January 11: Baptism (Rom 6:3-4; Col 2:12)

Baptism: Union with Christ and Participation in His Death

The unique contribution made by Paul to the early Christian understanding of baptism was his emphasis on the believer’s participation in the death (and resurrection) of Jesus. Elsewhere, he makes use of the simple symbolism of washing (vb lou/w), i.e., the earlier/original idea of a cleansing of sin, referring to the waters that (symbolically) wash away a person’s sins—1 Cor 6:11; also Eph 5:26; Titus 3:5. However, when it comes to the distinctly Christian development of the dunking/washing ritual (baptism)—(1) being performed “in the name of Jesus”, and (2) the association with the Holy Spirit (cf. the previous two notes)—Paul gave to these elements of the ritual a greater theological depth and significance. He did this primarily through his emphasis on the participatory aspect; that is to say, baptism symbolized the believer’s union with Jesus Christ, and, with it, a participation in Jesus’ own death.

Romans 6:3-4

This was very much a theological emphasis of Paul’s, even when there was no particular reference to baptism—see, most notably, Galatians 2:19-21 (also 5:24; 6:14). The central idea is that, through trust and union with Jesus, we die to sin (and its power). This goes a step beyond the traditional religious requirement of repenting from one’s sins; it means that the believer in Christ is actually dead to the power of sin. For Paul, it is the sacrificial death of Jesus that accomplishes this, freeing humankind from bondage to sin. This is the central tenet of Pauline soteriology, best and most fully expounded in chapters 5-8 of Romans; and it is in Romans 6:1-11 that Paul draws upon the baptism ritual to illustrate how believers have died to sin (and so must think and act accordingly). The ethical, paraenetic thrust of the passage is clear from the rhetorical question posed in verse 1 (“Shall we remain upon sin…?”), and which Paul answers himself in verse 2: “May it not come to be so! We, the (one)s who died away to sin, how shall we yet live in it?”. This leads to the argument based on the significance of Christian baptism:

“Or, are you without knowledge that, we, as (many) as were dunked [e)bapti/sqhmen] into (the) Anointed Yeshua, we were dunked into his death? So we were buried together with him through the dunking [ba/ptisma] into the death, (so) that, just as (the) Anointed (One) was raised out of the dead through the honor/splendor of the Father, so also we should walk about in newness of life.” (vv. 3-4)

The concluding exhortation in v. 4 is part of the ethical instruction Paul is giving in these verses, but it, in turn, is based on a key theological and Christological point: we should “walk in newness of life” because we are united with both Jesus’ death and his resurrection:

“For if we have come to be planted together in the likeness of his death, (it cannot be) other (that that) we will also be (in the likeness) of his standing up (out of the dead)…. And, if we died away with (the) Anointed, we trust that we also will live together with him, having seen [i.e. known] that (the) Anointed (One), (hav)ing been raised out of the dead, does not die away any longer, (and) Death no longer acts as Lord (over) him.” (vv. 5, 8-9)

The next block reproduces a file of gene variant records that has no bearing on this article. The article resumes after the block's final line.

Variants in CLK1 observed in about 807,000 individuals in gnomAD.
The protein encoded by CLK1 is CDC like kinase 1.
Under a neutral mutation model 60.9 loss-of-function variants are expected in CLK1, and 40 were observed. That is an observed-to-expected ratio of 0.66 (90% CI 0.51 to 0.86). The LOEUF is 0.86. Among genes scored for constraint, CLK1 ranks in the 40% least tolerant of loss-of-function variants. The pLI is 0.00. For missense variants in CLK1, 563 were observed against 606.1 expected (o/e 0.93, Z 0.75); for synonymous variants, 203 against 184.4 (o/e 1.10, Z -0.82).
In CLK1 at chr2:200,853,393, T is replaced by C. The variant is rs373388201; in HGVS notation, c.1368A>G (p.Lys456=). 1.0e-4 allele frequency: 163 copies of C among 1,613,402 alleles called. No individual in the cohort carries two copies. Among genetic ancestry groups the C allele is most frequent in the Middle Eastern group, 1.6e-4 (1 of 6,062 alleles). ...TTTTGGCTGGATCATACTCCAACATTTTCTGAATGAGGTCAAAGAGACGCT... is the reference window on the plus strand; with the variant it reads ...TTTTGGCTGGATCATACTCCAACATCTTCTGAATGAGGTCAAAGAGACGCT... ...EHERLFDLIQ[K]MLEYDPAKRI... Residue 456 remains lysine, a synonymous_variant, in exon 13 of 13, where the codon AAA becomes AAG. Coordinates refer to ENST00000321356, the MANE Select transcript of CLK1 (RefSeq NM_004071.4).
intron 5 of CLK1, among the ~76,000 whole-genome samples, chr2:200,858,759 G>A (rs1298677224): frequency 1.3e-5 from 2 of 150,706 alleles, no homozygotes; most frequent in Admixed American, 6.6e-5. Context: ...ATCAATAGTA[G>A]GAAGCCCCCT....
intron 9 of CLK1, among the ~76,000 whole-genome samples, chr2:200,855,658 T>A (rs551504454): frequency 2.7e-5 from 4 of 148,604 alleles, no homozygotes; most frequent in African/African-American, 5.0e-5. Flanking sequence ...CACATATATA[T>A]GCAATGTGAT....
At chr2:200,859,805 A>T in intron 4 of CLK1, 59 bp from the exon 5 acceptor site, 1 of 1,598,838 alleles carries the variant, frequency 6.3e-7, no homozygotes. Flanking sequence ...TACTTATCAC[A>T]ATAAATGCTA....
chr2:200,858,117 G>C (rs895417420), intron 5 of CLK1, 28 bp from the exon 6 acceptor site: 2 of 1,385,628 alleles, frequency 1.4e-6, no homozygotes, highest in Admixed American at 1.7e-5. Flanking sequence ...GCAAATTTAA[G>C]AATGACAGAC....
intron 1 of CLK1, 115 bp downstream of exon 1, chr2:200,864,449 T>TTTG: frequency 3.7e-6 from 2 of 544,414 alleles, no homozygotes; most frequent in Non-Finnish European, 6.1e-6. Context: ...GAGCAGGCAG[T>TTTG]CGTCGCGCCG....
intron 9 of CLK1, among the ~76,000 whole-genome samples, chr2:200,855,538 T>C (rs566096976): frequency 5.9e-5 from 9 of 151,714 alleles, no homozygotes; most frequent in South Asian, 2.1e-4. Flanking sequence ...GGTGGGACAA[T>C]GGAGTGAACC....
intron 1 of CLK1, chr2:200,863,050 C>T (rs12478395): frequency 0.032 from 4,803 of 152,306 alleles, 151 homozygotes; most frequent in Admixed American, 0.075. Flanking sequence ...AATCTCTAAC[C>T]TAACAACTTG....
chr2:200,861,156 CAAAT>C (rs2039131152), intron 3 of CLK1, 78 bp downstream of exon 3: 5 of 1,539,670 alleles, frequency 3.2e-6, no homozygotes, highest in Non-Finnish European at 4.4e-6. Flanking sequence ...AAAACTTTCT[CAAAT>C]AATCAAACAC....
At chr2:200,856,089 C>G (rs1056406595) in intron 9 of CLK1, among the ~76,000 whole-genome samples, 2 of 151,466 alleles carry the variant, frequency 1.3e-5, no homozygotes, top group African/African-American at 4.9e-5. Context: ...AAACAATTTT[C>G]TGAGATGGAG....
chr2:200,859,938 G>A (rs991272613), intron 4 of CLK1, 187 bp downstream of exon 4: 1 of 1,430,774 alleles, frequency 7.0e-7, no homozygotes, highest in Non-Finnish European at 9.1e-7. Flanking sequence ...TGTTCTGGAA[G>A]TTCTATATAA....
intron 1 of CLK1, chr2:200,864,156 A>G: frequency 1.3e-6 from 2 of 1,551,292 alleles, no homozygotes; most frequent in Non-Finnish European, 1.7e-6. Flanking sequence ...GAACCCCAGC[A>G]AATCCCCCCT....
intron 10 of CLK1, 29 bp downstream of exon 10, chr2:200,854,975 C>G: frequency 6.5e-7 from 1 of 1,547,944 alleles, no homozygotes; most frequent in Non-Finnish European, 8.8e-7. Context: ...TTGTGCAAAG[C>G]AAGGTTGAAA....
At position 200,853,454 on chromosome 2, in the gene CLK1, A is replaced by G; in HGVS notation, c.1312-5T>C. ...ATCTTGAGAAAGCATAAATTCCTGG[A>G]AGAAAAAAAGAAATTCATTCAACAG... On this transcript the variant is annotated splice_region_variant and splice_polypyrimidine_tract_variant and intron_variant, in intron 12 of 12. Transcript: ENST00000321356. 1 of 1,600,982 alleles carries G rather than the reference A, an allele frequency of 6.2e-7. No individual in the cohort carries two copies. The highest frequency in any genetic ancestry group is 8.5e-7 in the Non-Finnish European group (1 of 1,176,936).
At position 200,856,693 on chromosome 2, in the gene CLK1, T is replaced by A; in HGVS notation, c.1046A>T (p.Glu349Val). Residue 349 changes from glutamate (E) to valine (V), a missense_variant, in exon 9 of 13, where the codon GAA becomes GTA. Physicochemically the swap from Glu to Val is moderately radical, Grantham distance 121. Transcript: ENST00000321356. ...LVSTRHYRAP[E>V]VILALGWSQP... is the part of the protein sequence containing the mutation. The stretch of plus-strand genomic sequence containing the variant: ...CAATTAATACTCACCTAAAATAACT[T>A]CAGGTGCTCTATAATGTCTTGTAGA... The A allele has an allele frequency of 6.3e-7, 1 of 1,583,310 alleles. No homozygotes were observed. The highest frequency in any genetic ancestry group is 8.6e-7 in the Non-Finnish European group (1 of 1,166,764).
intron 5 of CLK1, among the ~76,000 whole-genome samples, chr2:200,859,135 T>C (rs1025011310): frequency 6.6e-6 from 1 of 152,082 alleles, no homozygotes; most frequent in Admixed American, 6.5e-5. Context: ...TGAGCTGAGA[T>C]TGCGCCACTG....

This idea of baptism symbolizing our participation in Jesus’ death and resurrection does not appear to be part of the earliest Christian understanding of the dunking ritual (based on the evidence in the book of Acts, as discussed in the previous notes). How, then, did Paul come to emphasize and develop this particular aspect? Several factors seem to be involved. First, it is a natural development of the ritual action—i.e., stepping down into the water represents death, while emerging again indicates the beginning of new life. And, even though this symbolic dimension was, it seems, not part of either the Johannine dunkings or the earliest Christian baptisms, it is known from contemporary initiation rituals (in the mystery cults, etc). Tertullian specifically notes the similarities (On Baptism 5.1), and, indeed, it is to be expected that early Christians (and perhaps as early as Paul) would come to interpret baptism in a corresponding way.

Second, the ritual meal (the Lord’s Supper) specifically signified a participation of believers in Jesus’ death, and it would be natural for the baptism ritual to take on a similar significance. Unfortunately, we have precious little detail in the New Testament on how the earliest Christians viewed the Lord’s Supper, but the Gospel tradition, attested in multiple sources (Mark 14:22-25 par; 1 Cor 12:23-26ff; cf. also John 6:51-58), suggests that the ritual would have carried this meaning from the earliest times.

Third, it is a natural development of the fundamental belief that believers are united with Jesus. This union means that we are also joined with him in his death, and all that was accomplished in it. Note how Paul has developed the traditional idea of being baptized “into [ei)$] the name of Jesus” (cf. the earlier note), and the expression which would have signified that a person belonged to Jesus, as his trusting follower. Now, however, in Rom 6:3, Paul speaks simply of being baptized “into [ei)$] the Anointed Yeshua” —that is, into the person of Jesus himself. This is essentially equivalent with idea of being “in [e)n] Christ”, an expression (and theological statement) used repeatedly by Paul (8:1-2; 12:5; 1 Cor 1:30, et al), including here at the close of the passage (v. 11).